Protestants Why? Part II


#1

Protestants Why commenced with this question

This question could have been asked already, but I’ll ask it anyway. Why are you Protestant? What about the Catholic Church do you not agree with and why?

and the second to the last posting was this…

So, it’s not that a person is wrong because of the guidance of the fallible leaders belonging to the CC but rather because of the guidance of the Holy Spirit?

Eric Hilbert ended the thread with this…

Joe gets the last word.
Thanks to all for participating.
Feel free to open a sequel thread.

You read the book, you saw the movie, and now it is here live…for your continued discussion…Protestants Why Part II…take it away…:clapping:


#2

sequels are never as good as the first :stuck_out_tongue: But I’ll join in anyway hehe

I’m a protestant because I was raised as one, made the faith my own and see no reason to leave. I have Christ, I have a warm spiritual family, what more could I need?


#3

Hi

I had already been seeking God ,and when we moved to a new area, we were were invited by the local Presbyterian Minister to attend Church.We were welcomed and we have been going for twelve years now.
However I have recently changed employment and my new co worker is Catholic.( she has been sharing her faith, I have become very interested, hence joining this board )

Heather


#4

I wasn’t expecting to see another church of scotland here :smiley: I recently switched from being baptist to Church of Scotland


#5

Why did you leave the Baptist church?


#6

A variety of reasons I think. I grew up baptist, but found over time my views changed towards presbyterianism more and more. For example the issue of baptism. I didn’t like how most baptist churches wouldn’t let someone become a full member of the church unless they had been baptised as a believer, I came to the conclusion infant baptism is valid and there’s no need to rebaptise. Planning for marriage with my beloved I knew she couldn’t be happy in a baptist church, since she wanted to become a full member without being rebaptised. I’d also moved towards a sacramental theology in terms of the Eucharist and baptism and away from the mere memorialism. To be fair the older baptist confessions held to this view too, but most modern baptists have unfortunately dropped this bar a few. And then there was the issue of government. I felt baptist churches were too independant and isolated, I liked how presbyterian churches were united under one confession and a general assembly. A general assembly is a good thing since it allows the national church to have a national voice. I firmly believe in the idea of a christian nation. Ideally the government should recognise the Christ as Lord over the nation and therefore nationally recognise the church who looks after the people, the idea of dividing the areas into parishes is a good way to do this. And then there is the history. I considered people like Calvin, Knox, Wishart, McCheyne as heroes of the faith. I connected more to presbyterian history than I did with baptist. I have always had a love for the national Kirk.and am happy at the church of scotland I attend. their warmth and attention to visitors was second to none.I immediately felt I belonged.

I shoudl probably mention I still have connections with my old baptist church, it’s a good church and my baptist elder still meets up with me for coffee and chat to see how I’m doing. :thumbsup:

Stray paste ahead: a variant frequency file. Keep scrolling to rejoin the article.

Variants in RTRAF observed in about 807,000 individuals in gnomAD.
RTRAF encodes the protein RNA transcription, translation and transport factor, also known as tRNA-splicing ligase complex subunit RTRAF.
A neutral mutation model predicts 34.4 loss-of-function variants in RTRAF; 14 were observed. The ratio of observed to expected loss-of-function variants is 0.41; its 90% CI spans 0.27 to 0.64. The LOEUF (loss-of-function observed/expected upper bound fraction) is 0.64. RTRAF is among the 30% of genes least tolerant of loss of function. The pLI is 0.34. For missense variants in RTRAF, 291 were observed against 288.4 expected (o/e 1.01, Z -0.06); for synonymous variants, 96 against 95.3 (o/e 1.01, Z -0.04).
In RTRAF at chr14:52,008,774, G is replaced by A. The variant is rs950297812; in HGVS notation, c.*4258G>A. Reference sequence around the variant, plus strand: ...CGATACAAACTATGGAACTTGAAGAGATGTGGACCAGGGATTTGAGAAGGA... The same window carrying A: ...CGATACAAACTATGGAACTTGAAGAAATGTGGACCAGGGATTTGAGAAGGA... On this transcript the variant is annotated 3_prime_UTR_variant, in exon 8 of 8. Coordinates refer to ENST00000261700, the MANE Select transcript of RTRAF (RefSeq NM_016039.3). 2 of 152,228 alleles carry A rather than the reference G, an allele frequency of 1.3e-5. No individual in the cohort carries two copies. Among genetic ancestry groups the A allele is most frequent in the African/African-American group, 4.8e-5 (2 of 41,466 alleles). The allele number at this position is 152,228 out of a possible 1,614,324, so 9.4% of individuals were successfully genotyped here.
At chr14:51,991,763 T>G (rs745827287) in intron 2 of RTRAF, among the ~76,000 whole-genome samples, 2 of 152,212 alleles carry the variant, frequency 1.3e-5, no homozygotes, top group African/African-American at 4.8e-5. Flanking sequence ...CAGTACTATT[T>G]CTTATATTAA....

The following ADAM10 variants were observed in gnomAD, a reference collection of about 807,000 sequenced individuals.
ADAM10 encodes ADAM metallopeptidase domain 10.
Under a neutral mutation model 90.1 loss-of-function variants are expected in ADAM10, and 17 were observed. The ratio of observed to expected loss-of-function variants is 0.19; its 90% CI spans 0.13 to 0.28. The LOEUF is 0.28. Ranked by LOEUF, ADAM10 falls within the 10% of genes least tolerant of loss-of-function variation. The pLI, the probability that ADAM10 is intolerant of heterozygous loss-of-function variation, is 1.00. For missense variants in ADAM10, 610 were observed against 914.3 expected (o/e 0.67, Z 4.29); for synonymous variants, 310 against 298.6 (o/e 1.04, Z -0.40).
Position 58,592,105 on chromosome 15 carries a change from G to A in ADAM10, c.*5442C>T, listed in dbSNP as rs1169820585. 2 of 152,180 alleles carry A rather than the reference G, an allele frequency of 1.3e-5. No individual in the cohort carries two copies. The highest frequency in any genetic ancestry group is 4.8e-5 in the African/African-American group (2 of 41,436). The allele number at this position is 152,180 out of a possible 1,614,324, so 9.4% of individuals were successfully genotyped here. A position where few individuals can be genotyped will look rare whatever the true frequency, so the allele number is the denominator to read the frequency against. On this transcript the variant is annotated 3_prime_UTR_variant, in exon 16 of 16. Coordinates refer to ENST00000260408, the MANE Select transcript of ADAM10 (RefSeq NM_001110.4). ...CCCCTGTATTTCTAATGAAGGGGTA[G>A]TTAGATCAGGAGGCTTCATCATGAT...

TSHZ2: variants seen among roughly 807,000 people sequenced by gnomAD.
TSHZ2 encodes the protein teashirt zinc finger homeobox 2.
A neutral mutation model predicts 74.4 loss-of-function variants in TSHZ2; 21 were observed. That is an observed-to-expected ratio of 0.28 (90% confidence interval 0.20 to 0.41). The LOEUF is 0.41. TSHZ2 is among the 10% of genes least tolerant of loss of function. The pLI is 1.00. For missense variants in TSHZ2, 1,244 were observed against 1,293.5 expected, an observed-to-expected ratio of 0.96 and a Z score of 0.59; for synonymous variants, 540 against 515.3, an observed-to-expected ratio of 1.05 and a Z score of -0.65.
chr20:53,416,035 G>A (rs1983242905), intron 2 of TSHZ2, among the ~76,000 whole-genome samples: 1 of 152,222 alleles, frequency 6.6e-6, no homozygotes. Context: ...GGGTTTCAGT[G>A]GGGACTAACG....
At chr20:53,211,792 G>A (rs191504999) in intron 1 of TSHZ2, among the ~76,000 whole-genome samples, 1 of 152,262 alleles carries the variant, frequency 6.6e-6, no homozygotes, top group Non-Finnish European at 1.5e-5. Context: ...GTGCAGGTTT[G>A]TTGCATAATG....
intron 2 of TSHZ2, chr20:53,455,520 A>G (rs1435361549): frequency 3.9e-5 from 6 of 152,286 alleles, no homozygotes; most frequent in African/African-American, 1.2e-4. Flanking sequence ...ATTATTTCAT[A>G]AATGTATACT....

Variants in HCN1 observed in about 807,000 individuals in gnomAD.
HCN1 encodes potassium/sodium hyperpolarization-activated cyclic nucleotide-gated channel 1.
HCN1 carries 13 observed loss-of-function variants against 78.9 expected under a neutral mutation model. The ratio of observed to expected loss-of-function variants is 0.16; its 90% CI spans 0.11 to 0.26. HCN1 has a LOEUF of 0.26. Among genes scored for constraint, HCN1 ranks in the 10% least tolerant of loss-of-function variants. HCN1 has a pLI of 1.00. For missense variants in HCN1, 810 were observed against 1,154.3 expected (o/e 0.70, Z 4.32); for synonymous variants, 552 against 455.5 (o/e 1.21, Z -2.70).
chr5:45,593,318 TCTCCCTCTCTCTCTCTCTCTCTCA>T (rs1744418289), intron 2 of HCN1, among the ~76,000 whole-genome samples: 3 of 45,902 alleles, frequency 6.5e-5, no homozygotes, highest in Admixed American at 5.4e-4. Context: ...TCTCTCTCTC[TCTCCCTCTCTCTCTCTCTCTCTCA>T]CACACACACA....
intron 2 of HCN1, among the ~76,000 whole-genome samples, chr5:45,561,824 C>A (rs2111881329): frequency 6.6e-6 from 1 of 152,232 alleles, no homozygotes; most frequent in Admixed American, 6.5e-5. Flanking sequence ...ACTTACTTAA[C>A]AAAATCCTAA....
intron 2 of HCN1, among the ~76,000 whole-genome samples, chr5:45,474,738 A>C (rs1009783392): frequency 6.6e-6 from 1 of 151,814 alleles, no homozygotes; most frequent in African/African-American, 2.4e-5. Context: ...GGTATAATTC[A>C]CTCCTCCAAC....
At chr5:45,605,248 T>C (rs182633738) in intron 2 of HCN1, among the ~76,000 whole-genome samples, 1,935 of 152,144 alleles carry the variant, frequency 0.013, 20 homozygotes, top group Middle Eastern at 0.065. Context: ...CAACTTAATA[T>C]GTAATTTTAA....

#7

I hope to visit your beautiful country some day.


#8

[quote="Porknpie, post:7, topic:297051"]
I hope to visit your beautiful country some day.

[/quote]

You should! Best country in the world! (Although I admit I'm slightly biased :D )

If you ever visit you should visit St Andrews, a beautiful city with a lovely beach and a fascinating place for church history!


#9

Protos,

Growth and maturation.


#10

very true, I’m getting that too :thumbsup:


#11

Hi Protos,

I wasn't expecting to find a fellow Chruch of Scotland member on here either :) what a small world!
I agree with you about the Church of Scotland, I like the way it is organised too.I don't know any thing about the Baptist church, or any other Church really, never attended any Kirk until twelve years ago .


#12

Protos,

Good,

Then you can aim for the fullness of the knowledge of Christ, the Church he founded, the Bible that the Church he founded produced, the fullness of the Faith that you have and an understanding of what the bible says…

The Church is the Pillar and foundation of truth…
The Church is the means by which the manifold wisdom of God is known…

So if you want the fullness of truth…and I believe you do…and seek the manifold wisdom of God…and I believe you do…then you need to have knowledge of what God has done…because the Bible says so…

18For the wrath of God is revealed from heaven against all ungodliness and unrighteousness of men who suppress the **truth **in unrighteousness, 19because that which is known about God is evident within them; for God made it evident to them. 20For since the creation of the world His invisible attributes, His eternal power and divine nature, have been clearly seen, being understood through what has been made, so that they are without excuse.

As a Christian you are duty bound to know the truth, because God made it known and evident by what has been made in the World…he created the universe, stars, and a Church…

Seek the truth…unless you believe that you are filled and need none


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